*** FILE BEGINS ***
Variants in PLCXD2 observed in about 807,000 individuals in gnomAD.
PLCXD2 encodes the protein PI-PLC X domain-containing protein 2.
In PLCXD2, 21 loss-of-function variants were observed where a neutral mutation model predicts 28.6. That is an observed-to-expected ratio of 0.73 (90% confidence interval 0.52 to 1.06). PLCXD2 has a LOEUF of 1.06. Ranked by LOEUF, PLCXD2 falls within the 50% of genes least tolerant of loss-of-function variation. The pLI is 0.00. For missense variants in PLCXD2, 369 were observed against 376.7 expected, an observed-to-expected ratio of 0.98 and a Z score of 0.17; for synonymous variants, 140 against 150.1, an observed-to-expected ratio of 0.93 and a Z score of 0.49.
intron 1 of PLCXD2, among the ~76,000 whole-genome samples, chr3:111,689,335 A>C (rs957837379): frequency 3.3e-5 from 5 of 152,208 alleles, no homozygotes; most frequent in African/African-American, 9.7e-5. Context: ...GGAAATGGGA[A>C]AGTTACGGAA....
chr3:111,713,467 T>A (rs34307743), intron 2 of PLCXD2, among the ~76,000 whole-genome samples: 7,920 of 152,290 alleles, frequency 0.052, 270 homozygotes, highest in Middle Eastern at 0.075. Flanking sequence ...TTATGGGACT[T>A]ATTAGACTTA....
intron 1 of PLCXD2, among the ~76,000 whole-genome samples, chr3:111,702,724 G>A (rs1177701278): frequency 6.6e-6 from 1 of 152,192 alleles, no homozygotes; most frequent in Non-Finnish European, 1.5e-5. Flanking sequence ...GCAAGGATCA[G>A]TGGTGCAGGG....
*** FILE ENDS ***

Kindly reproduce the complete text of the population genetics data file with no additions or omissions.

Variants in PLCXD2 observed in about 807,000 individuals in gnomAD.
PLCXD2 encodes the protein PI-PLC X domain-containing protein 2.
In PLCXD2, 21 loss-of-function variants were observed where a neutral mutation model predicts 28.6. That is an observed-to-expected ratio of 0.73 (90% confidence interval 0.52 to 1.06). PLCXD2 has a LOEUF of 1.06. Ranked by LOEUF, PLCXD2 falls within the 50% of genes least tolerant of loss-of-function variation. The pLI is 0.00. For missense variants in PLCXD2, 369 were observed against 376.7 expected, an observed-to-expected ratio of 0.98 and a Z score of 0.17; for synonymous variants, 140 against 150.1, an observed-to-expected ratio of 0.93 and a Z score of 0.49.
intron 1 of PLCXD2, among the ~76,000 whole-genome samples, chr3:111,689,335 A>C (rs957837379): frequency 3.3e-5 from 5 of 152,208 alleles, no homozygotes; most frequent in African/African-American, 9.7e-5. Context: ...GGAAATGGGA[A>C]AGTTACGGAA....
chr3:111,713,467 T>A (rs34307743), intron 2 of PLCXD2, among the ~76,000 whole-genome samples: 7,920 of 152,290 alleles, frequency 0.052, 270 homozygotes, highest in Middle Eastern at 0.075. Flanking sequence ...TTATGGGACT[T>A]ATTAGACTTA....
intron 1 of PLCXD2, among the ~76,000 whole-genome samples, chr3:111,702,724 G>A (rs1177701278): frequency 6.6e-6 from 1 of 152,192 alleles, no homozygotes; most frequent in Non-Finnish European, 1.5e-5. Flanking sequence ...GCAAGGATCA[G>A]TGGTGCAGGG....